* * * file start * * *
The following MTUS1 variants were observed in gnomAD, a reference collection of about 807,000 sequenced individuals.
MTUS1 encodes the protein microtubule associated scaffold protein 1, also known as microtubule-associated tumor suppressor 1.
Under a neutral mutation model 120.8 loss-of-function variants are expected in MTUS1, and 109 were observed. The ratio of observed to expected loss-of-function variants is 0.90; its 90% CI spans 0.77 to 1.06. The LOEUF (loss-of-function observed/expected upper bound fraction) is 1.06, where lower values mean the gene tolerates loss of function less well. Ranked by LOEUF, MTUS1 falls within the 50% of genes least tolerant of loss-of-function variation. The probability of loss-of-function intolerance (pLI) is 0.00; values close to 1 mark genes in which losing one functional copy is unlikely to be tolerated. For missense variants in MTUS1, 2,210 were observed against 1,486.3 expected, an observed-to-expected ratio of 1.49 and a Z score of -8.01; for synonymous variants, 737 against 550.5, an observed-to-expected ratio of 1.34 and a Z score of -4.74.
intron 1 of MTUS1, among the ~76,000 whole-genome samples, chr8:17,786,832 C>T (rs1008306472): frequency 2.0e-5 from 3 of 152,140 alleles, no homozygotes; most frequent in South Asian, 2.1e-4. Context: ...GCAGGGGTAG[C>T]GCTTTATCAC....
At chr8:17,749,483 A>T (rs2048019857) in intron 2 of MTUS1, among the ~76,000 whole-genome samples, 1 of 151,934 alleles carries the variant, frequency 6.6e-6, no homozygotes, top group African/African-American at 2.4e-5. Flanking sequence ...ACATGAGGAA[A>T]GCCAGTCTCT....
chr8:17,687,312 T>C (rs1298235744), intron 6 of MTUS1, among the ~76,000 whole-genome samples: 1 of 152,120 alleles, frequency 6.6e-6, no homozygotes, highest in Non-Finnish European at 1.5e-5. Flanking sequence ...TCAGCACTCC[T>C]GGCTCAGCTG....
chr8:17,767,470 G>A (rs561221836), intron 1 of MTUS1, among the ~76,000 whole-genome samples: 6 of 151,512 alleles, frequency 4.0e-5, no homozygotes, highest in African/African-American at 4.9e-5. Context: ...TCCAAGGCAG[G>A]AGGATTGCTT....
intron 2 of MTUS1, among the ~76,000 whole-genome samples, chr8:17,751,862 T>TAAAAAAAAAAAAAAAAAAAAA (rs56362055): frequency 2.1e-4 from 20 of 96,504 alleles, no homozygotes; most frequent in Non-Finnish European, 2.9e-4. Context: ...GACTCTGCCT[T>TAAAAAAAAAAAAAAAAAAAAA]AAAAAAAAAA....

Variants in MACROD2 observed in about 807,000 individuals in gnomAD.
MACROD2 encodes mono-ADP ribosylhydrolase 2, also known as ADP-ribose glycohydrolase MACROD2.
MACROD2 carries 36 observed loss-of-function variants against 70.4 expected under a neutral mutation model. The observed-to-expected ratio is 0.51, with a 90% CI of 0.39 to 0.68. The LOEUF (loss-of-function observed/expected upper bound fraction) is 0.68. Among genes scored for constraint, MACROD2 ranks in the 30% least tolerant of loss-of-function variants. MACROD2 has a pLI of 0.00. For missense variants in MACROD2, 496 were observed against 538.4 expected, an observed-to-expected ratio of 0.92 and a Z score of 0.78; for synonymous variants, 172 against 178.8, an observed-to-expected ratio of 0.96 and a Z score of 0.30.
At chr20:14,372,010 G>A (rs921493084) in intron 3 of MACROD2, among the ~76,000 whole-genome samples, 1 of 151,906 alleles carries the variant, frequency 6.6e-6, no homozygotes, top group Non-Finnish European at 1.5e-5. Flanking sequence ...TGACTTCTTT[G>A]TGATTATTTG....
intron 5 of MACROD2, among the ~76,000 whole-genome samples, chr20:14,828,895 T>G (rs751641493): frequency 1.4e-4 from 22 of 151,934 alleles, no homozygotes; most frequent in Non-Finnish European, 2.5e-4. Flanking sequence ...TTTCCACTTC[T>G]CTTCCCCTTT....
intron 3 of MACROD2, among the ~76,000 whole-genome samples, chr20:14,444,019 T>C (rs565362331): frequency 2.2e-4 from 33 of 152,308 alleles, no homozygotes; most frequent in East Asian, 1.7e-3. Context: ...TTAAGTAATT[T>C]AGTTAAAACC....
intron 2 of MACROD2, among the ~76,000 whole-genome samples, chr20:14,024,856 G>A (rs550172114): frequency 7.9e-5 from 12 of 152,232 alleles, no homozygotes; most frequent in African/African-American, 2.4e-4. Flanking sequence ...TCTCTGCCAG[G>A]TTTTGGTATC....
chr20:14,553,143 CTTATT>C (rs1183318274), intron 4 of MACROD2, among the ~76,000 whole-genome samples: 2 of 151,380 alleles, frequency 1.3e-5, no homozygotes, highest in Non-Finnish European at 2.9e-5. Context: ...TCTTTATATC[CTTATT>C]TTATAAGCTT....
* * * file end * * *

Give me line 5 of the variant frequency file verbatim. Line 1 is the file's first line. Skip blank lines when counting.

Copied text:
At chr8:17,749,483 A>T (rs2048019857) in intron 2 of MTUS1, among the ~76,000 whole-genome samples, 1 of 151,934 alleles carries the variant, frequency 6.6e-6, no homozygotes, top group African/African-American at 2.4e-5. Flanking sequence ...ACATGAGGAA[A>T]GCCAGTCTCT....